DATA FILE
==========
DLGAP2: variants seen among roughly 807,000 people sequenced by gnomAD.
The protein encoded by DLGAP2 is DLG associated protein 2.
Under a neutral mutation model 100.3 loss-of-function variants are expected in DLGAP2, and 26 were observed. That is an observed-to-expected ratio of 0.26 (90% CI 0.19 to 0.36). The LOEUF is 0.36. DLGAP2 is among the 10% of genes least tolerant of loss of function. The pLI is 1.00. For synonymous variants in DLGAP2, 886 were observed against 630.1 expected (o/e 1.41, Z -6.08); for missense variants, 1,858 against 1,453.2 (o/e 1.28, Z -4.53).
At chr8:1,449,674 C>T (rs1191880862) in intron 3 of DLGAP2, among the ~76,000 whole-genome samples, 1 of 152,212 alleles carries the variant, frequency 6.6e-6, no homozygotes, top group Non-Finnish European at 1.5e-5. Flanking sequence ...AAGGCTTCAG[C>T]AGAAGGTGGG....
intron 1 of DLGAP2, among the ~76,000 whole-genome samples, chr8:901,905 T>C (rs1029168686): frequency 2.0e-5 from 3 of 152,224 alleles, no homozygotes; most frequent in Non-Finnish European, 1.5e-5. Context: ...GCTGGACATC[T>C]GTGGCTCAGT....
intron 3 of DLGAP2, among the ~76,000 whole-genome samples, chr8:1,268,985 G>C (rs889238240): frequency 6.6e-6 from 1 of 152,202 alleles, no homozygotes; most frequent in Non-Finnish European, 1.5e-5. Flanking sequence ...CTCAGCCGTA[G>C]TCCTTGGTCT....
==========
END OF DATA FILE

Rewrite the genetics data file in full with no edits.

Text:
DLGAP2: variants seen among roughly 807,000 people sequenced by gnomAD.
The protein encoded by DLGAP2 is DLG associated protein 2.
Under a neutral mutation model 100.3 loss-of-function variants are expected in DLGAP2, and 26 were observed. That is an observed-to-expected ratio of 0.26 (90% CI 0.19 to 0.36). The LOEUF is 0.36. DLGAP2 is among the 10% of genes least tolerant of loss of function. The pLI is 1.00. For synonymous variants in DLGAP2, 886 were observed against 630.1 expected (o/e 1.41, Z -6.08); for missense variants, 1,858 against 1,453.2 (o/e 1.28, Z -4.53).
At chr8:1,449,674 C>T (rs1191880862) in intron 3 of DLGAP2, among the ~76,000 whole-genome samples, 1 of 152,212 alleles carries the variant, frequency 6.6e-6, no homozygotes, top group Non-Finnish European at 1.5e-5. Flanking sequence ...AAGGCTTCAG[C>T]AGAAGGTGGG....
intron 1 of DLGAP2, among the ~76,000 whole-genome samples, chr8:901,905 T>C (rs1029168686): frequency 2.0e-5 from 3 of 152,224 alleles, no homozygotes; most frequent in Non-Finnish European, 1.5e-5. Context: ...GCTGGACATC[T>C]GTGGCTCAGT....
intron 3 of DLGAP2, among the ~76,000 whole-genome samples, chr8:1,268,985 G>C (rs889238240): frequency 6.6e-6 from 1 of 152,202 alleles, no homozygotes; most frequent in Non-Finnish European, 1.5e-5. Flanking sequence ...CTCAGCCGTA[G>C]TCCTTGGTCT....